Finances & Money

Hiring Great Financial Executives

Hiring is one of the most important decisions you can make when you’re running a business: it’s a major investment and very important get right. This is magnified when you are hiring for senior financial roles: making the wrong choice gives the wrong candidate access to sensitive information and high level decision making, which could have serious consequences for your business.

Fortunately, there are relatively simple guidelines to follow to ensure quality in your hiring process, and make sure you get the right person for the job.

Know What You’re Looking For

It’s important to create a profile for the employee you want that’s specific to your business. Don’t make the mistake of thinking what’s a good fit for a competitor or peer is automatically good for you: the right financial mind for growing your business is not the same as the right one for a period of stability.

Make sure you’re creating a profile that you can measure effectively: looking for ‘a good CFO’ is generic. Looking for a CFO with a track record of creating effective business strategies and accurate forecasting is something you can quantify and compare your candidates against.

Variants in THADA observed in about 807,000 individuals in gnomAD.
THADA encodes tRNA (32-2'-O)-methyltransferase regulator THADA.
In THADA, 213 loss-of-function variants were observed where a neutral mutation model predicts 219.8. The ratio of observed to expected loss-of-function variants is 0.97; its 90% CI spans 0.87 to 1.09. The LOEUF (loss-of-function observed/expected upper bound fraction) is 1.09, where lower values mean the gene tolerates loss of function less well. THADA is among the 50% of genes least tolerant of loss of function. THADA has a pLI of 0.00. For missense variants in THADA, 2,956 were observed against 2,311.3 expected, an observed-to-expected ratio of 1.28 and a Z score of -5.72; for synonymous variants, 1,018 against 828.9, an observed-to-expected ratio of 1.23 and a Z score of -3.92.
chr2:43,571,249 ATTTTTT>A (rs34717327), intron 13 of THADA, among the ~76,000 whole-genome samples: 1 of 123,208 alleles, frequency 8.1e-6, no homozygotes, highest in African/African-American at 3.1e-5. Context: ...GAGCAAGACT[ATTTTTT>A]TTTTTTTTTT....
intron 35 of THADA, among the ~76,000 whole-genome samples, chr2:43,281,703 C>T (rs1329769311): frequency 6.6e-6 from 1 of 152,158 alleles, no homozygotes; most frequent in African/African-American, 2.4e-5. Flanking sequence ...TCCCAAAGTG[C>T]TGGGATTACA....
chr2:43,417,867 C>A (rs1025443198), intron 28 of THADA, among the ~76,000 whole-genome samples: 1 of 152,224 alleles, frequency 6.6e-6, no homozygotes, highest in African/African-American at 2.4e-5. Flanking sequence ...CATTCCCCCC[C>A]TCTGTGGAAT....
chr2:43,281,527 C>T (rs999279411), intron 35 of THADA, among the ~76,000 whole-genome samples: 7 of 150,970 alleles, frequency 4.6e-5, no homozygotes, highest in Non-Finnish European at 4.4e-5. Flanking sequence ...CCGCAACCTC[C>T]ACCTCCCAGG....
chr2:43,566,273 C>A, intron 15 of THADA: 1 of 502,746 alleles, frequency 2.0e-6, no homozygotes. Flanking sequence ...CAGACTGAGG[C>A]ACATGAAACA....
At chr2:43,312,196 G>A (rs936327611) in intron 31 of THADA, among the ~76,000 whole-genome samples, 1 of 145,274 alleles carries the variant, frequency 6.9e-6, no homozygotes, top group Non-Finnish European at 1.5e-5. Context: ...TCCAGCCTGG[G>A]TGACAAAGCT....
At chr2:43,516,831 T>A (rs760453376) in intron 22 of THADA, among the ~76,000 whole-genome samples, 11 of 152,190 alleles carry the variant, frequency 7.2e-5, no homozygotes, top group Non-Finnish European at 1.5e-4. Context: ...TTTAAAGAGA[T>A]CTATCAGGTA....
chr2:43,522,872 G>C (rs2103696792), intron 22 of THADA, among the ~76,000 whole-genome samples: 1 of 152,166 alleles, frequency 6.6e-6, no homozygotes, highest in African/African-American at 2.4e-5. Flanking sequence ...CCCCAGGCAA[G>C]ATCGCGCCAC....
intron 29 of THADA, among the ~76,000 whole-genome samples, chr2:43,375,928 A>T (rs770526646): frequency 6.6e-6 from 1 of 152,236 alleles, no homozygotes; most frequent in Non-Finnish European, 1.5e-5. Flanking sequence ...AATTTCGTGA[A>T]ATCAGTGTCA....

Seek Expert Help

Not all recruitment consultants are created equal: do your research and find one that specialises in the sort of role you are trying to fill. Savannah Search for example specialise in high end recruiting, from the executive level up and are therefore more likely to have a stable of suitable candidates. Experienced recruiters like George Nice can also give advice about refining your search. Modern, high level recruiting is a far more collaborative process than you might expect.

Ask the Right Questions

Once you have the profile of your ideal candidate, and a pool of interviewees from a recruitment consultant, you’ll need to craft interview questions to get the most out of your candidates.

  • Elicit open answers. Try not to ask questions that have an easy ‘yes’ or ‘no’ response.
  • Be direct: don’t make your interview an exercise in guessing what you want to hear. Directly ask candidates about relevant areas of experience, and if they’ve missed the thrust of the question, don’t be scared to guide them back on track.
  • If appropriate, test the skills you need. In this case, it would be relevant to ask them to devise and present a financial plan or forecast. This lets you examine their communication skills, financial acumen and instincts at the same time.

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